Thomas Demand, Louisa Gagliardi, Joanna Piotrowska, Leon Tarasewicz, Karol Palczak, Agnieszka Polska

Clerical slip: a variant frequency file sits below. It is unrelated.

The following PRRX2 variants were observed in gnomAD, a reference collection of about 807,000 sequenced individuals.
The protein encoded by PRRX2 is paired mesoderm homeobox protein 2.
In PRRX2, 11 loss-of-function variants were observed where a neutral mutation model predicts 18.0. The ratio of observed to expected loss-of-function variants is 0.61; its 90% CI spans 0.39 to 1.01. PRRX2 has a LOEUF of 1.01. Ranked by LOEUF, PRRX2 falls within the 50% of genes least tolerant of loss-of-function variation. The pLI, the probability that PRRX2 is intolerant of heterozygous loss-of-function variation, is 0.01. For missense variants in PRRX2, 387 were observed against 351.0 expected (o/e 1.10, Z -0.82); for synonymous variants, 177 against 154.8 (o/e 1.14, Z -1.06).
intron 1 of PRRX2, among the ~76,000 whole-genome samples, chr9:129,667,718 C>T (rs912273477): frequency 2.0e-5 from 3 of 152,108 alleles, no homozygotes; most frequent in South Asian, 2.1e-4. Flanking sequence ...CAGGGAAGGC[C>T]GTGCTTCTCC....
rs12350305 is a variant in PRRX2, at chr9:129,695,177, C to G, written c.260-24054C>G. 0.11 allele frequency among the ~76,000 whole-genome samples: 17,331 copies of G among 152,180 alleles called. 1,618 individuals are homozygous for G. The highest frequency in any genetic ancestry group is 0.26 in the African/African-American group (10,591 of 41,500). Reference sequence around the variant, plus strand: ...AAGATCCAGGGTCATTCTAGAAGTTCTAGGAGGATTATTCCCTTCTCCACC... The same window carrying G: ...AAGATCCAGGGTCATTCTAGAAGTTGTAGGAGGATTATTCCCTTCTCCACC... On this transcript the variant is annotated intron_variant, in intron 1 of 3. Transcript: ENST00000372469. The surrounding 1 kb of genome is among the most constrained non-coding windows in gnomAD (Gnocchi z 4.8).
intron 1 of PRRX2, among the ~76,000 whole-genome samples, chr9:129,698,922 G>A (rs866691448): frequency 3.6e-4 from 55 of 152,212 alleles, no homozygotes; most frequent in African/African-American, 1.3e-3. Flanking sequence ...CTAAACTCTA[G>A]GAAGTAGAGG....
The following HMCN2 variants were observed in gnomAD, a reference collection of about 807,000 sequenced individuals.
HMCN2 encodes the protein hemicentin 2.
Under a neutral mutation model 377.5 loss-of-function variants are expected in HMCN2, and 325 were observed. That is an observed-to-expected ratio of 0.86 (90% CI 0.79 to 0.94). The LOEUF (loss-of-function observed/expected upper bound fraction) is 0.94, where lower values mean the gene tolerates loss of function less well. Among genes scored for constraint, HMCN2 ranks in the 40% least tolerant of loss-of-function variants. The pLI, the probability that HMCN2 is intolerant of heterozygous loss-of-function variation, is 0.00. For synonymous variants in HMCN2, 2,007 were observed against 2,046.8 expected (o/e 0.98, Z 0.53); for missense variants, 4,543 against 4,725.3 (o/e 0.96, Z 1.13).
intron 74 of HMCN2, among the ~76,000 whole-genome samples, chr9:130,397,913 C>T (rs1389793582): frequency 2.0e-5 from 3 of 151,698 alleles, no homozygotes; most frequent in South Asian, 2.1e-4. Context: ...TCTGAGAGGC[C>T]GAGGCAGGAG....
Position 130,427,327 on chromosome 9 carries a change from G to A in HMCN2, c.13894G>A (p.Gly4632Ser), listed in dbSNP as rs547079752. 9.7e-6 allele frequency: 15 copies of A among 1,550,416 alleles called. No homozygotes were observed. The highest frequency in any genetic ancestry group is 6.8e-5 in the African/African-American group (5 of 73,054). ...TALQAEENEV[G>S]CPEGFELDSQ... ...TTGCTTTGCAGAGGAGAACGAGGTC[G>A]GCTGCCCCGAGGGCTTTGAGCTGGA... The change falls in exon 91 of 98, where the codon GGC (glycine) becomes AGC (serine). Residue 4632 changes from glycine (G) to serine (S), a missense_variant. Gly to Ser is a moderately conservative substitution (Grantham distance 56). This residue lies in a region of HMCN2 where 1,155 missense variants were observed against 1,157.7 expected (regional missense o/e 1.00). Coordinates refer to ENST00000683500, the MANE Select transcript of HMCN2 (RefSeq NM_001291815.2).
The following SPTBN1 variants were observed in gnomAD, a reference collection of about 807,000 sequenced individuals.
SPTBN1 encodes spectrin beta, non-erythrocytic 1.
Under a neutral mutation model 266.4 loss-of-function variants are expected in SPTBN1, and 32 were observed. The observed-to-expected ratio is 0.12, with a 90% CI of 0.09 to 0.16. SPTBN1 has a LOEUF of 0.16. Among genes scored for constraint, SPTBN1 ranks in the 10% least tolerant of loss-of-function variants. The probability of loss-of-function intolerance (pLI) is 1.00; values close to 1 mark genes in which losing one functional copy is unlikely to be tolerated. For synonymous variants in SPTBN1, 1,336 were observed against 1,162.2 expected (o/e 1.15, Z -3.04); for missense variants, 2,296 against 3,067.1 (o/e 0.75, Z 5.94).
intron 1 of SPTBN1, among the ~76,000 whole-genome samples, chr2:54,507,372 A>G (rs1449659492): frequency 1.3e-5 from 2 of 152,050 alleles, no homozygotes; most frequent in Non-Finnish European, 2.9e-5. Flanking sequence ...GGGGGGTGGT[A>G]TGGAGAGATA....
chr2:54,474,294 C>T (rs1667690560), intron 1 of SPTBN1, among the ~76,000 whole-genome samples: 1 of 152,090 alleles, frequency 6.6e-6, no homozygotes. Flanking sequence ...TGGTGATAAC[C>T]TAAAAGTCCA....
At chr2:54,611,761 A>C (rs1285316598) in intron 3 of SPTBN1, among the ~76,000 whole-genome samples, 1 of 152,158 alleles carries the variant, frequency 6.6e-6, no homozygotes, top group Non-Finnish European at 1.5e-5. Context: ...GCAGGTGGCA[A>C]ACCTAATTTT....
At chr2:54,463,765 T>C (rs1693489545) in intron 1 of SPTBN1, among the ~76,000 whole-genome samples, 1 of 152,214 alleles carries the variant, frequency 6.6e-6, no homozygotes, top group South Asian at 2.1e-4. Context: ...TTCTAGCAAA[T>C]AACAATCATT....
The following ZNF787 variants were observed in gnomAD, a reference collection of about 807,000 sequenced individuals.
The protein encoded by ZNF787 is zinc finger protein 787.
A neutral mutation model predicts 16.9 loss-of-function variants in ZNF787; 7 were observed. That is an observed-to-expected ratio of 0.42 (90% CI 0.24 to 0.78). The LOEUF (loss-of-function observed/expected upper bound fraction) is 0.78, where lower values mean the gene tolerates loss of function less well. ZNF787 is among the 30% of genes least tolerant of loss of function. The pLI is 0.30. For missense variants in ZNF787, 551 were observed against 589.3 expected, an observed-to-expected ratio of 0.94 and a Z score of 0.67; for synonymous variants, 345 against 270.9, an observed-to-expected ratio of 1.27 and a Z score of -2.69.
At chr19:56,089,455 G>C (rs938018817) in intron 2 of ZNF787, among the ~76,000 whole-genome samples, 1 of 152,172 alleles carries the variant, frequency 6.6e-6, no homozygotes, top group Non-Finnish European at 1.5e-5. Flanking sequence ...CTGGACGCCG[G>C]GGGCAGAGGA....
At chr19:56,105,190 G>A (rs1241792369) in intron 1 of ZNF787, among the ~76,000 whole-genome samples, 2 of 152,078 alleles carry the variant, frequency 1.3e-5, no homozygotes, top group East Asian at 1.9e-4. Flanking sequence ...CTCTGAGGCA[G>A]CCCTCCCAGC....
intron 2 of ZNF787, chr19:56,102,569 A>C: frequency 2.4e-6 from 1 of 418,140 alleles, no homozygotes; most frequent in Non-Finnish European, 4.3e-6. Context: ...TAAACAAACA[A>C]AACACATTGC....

I wanted to make an exhibition about landscapes that are not innocent; about places that do not allow us to feel all right, which recall troubling past events or foretell a disquieting future. I borrowed a map of Lower Silesia published in 1946 from the Museum of the Lubusz Land in Zielona Góra. I was interested in the minor differences with the present-day names of some places: Kłodzko was Kładzko, Legnica was Lignica, Żagań was Żegań. There are also names which totally depart from those we now know, such as Rymbach (Dzierżoniów) or Żóraw (Żary). As we know, these names were given by a special commission. It sometimes happened that the new name was based on historical Polish sources, sometimes by translating or “Polonizing” German toponyms, and sometimes they were pulled out a hat. I imagine those gentlemen (they were no doubt men) sitting in front of a giant map stuck with pins. It would have been interesting if they drove a military vehicle about the towns and villages, like the protagonist of the film The Law and the Fist, wondering where a new name would fit. Giving names to places, particularly over such a large territory, is like summoning a land to life once more, anew. The discrepancies between the 1946 spellings and today’s sound like dissonance in music. The German names, like Liegnitz, Grünberg in Schlesien, and Sagan, seem more convincing. Yet those small historical discords in the Polish names show that the ones we know today and the whole of the reality around us are more a matter of convention than we might like. A new naming commission might convene. And then what would you do?